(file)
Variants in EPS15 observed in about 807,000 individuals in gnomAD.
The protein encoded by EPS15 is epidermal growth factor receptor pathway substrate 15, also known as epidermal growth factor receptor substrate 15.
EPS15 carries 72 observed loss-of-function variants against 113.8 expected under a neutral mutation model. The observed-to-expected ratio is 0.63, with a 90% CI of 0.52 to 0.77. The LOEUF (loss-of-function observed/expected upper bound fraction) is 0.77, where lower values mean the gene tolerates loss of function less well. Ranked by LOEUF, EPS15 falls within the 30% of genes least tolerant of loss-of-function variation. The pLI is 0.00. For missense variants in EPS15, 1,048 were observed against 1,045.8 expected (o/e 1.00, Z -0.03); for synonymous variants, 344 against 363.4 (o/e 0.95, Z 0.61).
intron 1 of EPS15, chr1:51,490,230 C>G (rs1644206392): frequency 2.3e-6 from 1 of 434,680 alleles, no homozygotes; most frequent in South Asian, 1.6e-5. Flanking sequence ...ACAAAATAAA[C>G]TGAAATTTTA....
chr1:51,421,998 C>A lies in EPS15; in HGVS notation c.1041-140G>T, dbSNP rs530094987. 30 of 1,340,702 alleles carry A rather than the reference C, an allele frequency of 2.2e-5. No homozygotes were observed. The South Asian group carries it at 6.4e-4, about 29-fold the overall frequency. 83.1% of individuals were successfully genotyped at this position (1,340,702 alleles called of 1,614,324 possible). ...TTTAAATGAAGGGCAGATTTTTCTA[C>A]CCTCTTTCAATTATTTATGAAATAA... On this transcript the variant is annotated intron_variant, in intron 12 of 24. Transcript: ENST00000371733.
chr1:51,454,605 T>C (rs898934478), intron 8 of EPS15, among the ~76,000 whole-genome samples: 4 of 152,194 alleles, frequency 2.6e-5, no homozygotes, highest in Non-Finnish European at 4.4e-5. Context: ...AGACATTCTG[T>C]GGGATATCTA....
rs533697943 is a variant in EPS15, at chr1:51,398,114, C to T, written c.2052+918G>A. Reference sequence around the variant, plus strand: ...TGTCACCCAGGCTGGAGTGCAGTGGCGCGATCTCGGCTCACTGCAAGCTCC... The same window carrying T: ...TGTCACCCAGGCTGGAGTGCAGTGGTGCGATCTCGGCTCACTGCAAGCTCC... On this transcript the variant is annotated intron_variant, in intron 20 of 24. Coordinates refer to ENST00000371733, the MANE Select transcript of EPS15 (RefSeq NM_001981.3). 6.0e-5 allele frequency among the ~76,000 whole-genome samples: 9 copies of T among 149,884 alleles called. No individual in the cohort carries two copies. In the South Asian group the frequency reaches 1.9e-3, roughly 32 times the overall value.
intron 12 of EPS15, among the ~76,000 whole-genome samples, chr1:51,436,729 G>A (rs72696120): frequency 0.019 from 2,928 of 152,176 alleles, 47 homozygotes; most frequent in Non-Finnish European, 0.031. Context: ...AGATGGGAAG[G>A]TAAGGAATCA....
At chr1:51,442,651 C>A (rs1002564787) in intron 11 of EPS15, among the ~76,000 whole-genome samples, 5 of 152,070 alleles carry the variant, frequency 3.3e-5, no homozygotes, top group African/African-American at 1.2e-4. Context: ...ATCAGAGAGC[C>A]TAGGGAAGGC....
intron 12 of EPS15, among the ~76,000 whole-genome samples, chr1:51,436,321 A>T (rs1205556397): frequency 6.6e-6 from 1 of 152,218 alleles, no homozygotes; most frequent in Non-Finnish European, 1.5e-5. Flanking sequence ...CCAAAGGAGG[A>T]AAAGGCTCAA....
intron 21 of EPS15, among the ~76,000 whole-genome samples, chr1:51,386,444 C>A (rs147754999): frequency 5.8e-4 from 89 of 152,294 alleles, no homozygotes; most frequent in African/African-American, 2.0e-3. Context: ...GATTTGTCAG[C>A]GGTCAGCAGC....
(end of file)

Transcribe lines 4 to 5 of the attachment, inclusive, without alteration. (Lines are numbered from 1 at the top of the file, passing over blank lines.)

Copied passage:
intron 1 of EPS15, chr1:51,490,230 C>G (rs1644206392): frequency 2.3e-6 from 1 of 434,680 alleles, no homozygotes; most frequent in South Asian, 1.6e-5. Flanking sequence ...ACAAAATAAA[C>G]TGAAATTTTA....
chr1:51,421,998 C>A lies in EPS15; in HGVS notation c.1041-140G>T, dbSNP rs530094987. 30 of 1,340,702 alleles carry A rather than the reference C, an allele frequency of 2.2e-5. No homozygotes were observed. The South Asian group carries it at 6.4e-4, about 29-fold the overall frequency. 83.1% of individuals were successfully genotyped at this position (1,340,702 alleles called of 1,614,324 possible). ...TTTAAATGAAGGGCAGATTTTTCTA[C>A]CCTCTTTCAATTATTTATGAAATAA... On this transcript the variant is annotated intron_variant, in intron 12 of 24. Transcript: ENST00000371733.